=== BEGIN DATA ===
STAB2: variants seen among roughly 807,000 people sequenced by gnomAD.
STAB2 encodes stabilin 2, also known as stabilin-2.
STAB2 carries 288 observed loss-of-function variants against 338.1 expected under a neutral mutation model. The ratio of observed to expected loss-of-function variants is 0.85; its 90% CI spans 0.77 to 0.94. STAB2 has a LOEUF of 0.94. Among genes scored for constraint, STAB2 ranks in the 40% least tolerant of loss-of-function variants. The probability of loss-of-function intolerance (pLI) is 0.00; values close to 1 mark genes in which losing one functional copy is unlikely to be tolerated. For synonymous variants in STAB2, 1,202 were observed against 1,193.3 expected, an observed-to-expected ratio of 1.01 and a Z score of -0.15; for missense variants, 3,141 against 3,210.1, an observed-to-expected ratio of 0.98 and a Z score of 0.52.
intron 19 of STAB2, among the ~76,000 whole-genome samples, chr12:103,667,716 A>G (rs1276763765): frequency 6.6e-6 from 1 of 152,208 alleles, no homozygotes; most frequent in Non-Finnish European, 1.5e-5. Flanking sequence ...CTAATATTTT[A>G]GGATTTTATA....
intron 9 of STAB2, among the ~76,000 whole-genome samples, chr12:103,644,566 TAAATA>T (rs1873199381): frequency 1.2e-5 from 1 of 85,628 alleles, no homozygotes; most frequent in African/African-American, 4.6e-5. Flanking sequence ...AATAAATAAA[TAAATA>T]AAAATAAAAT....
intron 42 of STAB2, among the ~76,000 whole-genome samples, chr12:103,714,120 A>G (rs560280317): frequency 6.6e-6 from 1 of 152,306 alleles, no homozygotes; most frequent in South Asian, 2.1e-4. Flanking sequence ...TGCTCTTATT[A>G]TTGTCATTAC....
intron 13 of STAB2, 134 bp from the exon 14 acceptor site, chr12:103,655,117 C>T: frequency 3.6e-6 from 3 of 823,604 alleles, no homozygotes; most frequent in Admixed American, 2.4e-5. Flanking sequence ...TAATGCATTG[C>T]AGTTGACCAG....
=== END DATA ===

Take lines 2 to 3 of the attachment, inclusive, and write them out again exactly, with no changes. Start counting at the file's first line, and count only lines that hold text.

STAB2 encodes stabilin 2, also known as stabilin-2.
STAB2 carries 288 observed loss-of-function variants against 338.1 expected under a neutral mutation model. The ratio of observed to expected loss-of-function variants is 0.85; its 90% CI spans 0.77 to 0.94. STAB2 has a LOEUF of 0.94. Among genes scored for constraint, STAB2 ranks in the 40% least tolerant of loss-of-function variants. The probability of loss-of-function intolerance (pLI) is 0.00; values close to 1 mark genes in which losing one functional copy is unlikely to be tolerated. For synonymous variants in STAB2, 1,202 were observed against 1,193.3 expected, an observed-to-expected ratio of 1.01 and a Z score of -0.15; for missense variants, 3,141 against 3,210.1, an observed-to-expected ratio of 0.98 and a Z score of 0.52.